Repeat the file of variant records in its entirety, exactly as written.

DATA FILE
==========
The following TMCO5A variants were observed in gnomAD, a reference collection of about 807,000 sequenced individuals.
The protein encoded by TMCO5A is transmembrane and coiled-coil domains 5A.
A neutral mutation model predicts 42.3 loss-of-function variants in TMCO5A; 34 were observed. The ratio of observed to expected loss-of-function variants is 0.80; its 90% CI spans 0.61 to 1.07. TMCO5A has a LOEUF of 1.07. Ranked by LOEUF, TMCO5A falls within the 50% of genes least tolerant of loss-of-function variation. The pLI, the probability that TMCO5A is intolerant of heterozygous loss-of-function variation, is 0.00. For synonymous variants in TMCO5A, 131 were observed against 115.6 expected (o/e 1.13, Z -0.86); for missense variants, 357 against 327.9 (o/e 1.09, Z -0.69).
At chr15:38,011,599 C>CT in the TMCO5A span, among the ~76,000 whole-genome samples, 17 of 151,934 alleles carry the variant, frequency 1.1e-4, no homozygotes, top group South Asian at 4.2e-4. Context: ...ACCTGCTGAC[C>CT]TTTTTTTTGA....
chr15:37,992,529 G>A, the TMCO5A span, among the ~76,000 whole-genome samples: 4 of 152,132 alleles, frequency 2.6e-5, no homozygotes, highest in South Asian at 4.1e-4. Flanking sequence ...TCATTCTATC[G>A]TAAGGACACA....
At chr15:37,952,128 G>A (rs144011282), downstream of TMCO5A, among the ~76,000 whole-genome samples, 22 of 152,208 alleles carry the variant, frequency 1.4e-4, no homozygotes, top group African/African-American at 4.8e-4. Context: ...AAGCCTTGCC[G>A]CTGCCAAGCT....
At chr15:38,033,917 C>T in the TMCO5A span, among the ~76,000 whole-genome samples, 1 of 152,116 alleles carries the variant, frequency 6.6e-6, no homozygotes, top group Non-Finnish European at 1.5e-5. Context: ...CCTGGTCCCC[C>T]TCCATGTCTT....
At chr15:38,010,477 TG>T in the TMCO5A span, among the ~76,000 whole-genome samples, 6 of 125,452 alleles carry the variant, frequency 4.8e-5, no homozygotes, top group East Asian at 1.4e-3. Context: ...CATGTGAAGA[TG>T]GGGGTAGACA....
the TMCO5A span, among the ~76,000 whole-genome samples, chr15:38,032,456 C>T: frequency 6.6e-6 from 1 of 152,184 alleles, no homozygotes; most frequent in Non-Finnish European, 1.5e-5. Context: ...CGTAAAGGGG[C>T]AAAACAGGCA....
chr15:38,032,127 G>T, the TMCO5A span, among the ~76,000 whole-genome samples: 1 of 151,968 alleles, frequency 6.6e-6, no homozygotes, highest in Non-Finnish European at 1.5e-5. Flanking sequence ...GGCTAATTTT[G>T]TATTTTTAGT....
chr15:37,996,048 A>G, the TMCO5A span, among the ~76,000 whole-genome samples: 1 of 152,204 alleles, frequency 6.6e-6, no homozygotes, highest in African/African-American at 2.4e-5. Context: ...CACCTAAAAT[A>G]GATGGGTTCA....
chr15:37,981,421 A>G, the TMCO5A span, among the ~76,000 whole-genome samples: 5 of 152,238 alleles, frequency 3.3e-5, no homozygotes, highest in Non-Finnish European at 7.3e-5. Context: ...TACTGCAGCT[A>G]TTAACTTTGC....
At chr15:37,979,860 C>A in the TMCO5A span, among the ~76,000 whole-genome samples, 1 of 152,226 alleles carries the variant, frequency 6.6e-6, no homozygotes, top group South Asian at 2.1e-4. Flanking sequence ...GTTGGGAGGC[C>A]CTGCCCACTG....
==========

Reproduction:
The following TMCO5A variants were observed in gnomAD, a reference collection of about 807,000 sequenced individuals.
The protein encoded by TMCO5A is transmembrane and coiled-coil domains 5A.
A neutral mutation model predicts 42.3 loss-of-function variants in TMCO5A; 34 were observed. The ratio of observed to expected loss-of-function variants is 0.80; its 90% CI spans 0.61 to 1.07. TMCO5A has a LOEUF of 1.07. Ranked by LOEUF, TMCO5A falls within the 50% of genes least tolerant of loss-of-function variation. The pLI, the probability that TMCO5A is intolerant of heterozygous loss-of-function variation, is 0.00. For synonymous variants in TMCO5A, 131 were observed against 115.6 expected (o/e 1.13, Z -0.86); for missense variants, 357 against 327.9 (o/e 1.09, Z -0.69).
At chr15:38,011,599 C>CT in the TMCO5A span, among the ~76,000 whole-genome samples, 17 of 151,934 alleles carry the variant, frequency 1.1e-4, no homozygotes, top group South Asian at 4.2e-4. Context: ...ACCTGCTGAC[C>CT]TTTTTTTTGA....
chr15:37,992,529 G>A, the TMCO5A span, among the ~76,000 whole-genome samples: 4 of 152,132 alleles, frequency 2.6e-5, no homozygotes, highest in South Asian at 4.1e-4. Flanking sequence ...TCATTCTATC[G>A]TAAGGACACA....
At chr15:37,952,128 G>A (rs144011282), downstream of TMCO5A, among the ~76,000 whole-genome samples, 22 of 152,208 alleles carry the variant, frequency 1.4e-4, no homozygotes, top group African/African-American at 4.8e-4. Context: ...AAGCCTTGCC[G>A]CTGCCAAGCT....
At chr15:38,033,917 C>T in the TMCO5A span, among the ~76,000 whole-genome samples, 1 of 152,116 alleles carries the variant, frequency 6.6e-6, no homozygotes, top group Non-Finnish European at 1.5e-5. Context: ...CCTGGTCCCC[C>T]TCCATGTCTT....
At chr15:38,010,477 TG>T in the TMCO5A span, among the ~76,000 whole-genome samples, 6 of 125,452 alleles carry the variant, frequency 4.8e-5, no homozygotes, top group East Asian at 1.4e-3. Context: ...CATGTGAAGA[TG>T]GGGGTAGACA....
the TMCO5A span, among the ~76,000 whole-genome samples, chr15:38,032,456 C>T: frequency 6.6e-6 from 1 of 152,184 alleles, no homozygotes; most frequent in Non-Finnish European, 1.5e-5. Context: ...CGTAAAGGGG[C>T]AAAACAGGCA....
chr15:38,032,127 G>T, the TMCO5A span, among the ~76,000 whole-genome samples: 1 of 151,968 alleles, frequency 6.6e-6, no homozygotes, highest in Non-Finnish European at 1.5e-5. Flanking sequence ...GGCTAATTTT[G>T]TATTTTTAGT....
chr15:37,996,048 A>G, the TMCO5A span, among the ~76,000 whole-genome samples: 1 of 152,204 alleles, frequency 6.6e-6, no homozygotes, highest in African/African-American at 2.4e-5. Context: ...CACCTAAAAT[A>G]GATGGGTTCA....
chr15:37,981,421 A>G, the TMCO5A span, among the ~76,000 whole-genome samples: 5 of 152,238 alleles, frequency 3.3e-5, no homozygotes, highest in Non-Finnish European at 7.3e-5. Context: ...TACTGCAGCT[A>G]TTAACTTTGC....
At chr15:37,979,860 C>A in the TMCO5A span, among the ~76,000 whole-genome samples, 1 of 152,226 alleles carries the variant, frequency 6.6e-6, no homozygotes, top group South Asian at 2.1e-4. Flanking sequence ...GTTGGGAGGC[C>A]CTGCCCACTG....